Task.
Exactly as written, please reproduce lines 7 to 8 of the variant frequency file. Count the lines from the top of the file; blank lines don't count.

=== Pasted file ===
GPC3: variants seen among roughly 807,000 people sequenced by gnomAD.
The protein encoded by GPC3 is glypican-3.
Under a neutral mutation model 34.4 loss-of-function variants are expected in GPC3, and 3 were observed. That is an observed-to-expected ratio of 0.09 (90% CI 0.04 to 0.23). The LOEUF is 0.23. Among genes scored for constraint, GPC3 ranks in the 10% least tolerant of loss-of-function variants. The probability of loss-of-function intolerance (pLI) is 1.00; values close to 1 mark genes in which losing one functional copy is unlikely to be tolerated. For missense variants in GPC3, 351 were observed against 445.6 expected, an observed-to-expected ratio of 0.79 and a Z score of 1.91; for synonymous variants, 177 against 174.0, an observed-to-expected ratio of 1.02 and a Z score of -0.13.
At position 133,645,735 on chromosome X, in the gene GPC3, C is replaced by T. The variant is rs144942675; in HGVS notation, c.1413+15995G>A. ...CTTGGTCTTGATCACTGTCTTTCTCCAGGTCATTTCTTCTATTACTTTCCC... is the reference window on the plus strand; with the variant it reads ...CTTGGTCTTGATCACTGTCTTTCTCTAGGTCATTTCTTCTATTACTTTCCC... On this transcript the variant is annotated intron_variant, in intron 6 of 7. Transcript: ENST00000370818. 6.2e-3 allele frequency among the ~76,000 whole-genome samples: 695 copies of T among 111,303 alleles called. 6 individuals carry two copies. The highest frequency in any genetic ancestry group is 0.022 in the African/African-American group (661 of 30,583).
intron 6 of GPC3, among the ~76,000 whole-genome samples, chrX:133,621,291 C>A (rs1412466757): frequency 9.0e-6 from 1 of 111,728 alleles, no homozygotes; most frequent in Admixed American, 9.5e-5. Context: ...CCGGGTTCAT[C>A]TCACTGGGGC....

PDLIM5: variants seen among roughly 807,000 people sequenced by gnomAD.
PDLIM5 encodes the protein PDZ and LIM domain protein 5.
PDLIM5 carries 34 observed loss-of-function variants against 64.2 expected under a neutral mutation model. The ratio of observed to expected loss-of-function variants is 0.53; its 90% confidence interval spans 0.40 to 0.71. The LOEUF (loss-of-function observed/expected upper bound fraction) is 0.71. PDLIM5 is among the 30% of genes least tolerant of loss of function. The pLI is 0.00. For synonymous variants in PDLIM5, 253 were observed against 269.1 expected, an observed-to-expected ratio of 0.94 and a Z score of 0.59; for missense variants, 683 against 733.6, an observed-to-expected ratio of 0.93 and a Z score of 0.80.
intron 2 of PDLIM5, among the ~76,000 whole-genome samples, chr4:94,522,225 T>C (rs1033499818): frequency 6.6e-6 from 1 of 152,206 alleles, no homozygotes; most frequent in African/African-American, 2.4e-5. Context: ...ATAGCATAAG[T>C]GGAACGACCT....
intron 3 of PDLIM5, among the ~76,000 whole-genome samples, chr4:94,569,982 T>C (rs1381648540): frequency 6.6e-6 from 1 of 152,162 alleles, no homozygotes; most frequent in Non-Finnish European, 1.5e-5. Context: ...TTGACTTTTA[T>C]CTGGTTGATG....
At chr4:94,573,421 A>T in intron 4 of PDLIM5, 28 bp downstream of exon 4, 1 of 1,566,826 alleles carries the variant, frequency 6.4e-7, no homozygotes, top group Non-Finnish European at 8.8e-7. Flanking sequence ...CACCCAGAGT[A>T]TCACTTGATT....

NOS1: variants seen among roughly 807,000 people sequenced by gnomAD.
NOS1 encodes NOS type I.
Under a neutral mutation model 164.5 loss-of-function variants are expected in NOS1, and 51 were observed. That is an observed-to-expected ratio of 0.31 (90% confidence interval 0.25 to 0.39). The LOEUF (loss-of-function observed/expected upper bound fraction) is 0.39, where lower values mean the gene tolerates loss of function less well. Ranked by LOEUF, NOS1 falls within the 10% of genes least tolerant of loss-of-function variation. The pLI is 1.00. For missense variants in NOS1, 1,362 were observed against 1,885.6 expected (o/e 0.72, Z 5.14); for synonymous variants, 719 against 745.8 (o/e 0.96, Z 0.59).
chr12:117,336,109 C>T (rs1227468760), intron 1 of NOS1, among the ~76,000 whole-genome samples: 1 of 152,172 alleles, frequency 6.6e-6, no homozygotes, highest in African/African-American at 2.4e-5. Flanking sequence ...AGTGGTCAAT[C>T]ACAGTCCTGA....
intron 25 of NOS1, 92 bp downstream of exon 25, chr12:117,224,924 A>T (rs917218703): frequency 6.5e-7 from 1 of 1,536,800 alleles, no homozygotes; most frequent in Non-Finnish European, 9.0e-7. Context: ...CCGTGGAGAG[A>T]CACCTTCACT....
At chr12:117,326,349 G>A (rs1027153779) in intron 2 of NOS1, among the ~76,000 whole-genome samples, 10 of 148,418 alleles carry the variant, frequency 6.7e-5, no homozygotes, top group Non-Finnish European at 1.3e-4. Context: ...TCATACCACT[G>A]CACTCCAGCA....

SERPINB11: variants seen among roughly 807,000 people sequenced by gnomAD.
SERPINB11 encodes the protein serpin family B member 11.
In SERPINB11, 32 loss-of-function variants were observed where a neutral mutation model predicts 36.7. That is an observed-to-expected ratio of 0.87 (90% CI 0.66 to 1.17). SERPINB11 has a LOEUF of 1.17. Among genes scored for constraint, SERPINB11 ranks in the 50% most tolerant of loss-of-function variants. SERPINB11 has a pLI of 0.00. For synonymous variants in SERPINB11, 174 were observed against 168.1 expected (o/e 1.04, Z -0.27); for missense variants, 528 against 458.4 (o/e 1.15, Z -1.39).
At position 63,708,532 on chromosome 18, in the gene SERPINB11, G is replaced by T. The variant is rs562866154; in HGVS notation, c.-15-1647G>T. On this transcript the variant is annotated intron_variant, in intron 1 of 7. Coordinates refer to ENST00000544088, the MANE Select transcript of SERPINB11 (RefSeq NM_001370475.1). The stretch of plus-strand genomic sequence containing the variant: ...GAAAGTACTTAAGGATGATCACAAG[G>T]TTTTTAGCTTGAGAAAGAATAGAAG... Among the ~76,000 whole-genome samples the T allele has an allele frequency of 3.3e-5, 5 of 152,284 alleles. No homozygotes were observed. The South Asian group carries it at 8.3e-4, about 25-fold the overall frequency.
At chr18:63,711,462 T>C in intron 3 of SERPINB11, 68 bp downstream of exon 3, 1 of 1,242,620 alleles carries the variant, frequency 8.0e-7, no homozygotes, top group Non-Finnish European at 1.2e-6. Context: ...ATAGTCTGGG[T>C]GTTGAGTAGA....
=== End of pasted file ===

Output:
PDLIM5 encodes the protein PDZ and LIM domain protein 5.
PDLIM5 carries 34 observed loss-of-function variants against 64.2 expected under a neutral mutation model. The ratio of observed to expected loss-of-function variants is 0.53; its 90% confidence interval spans 0.40 to 0.71. The LOEUF (loss-of-function observed/expected upper bound fraction) is 0.71. PDLIM5 is among the 30% of genes least tolerant of loss of function. The pLI is 0.00. For synonymous variants in PDLIM5, 253 were observed against 269.1 expected, an observed-to-expected ratio of 0.94 and a Z score of 0.59; for missense variants, 683 against 733.6, an observed-to-expected ratio of 0.93 and a Z score of 0.80.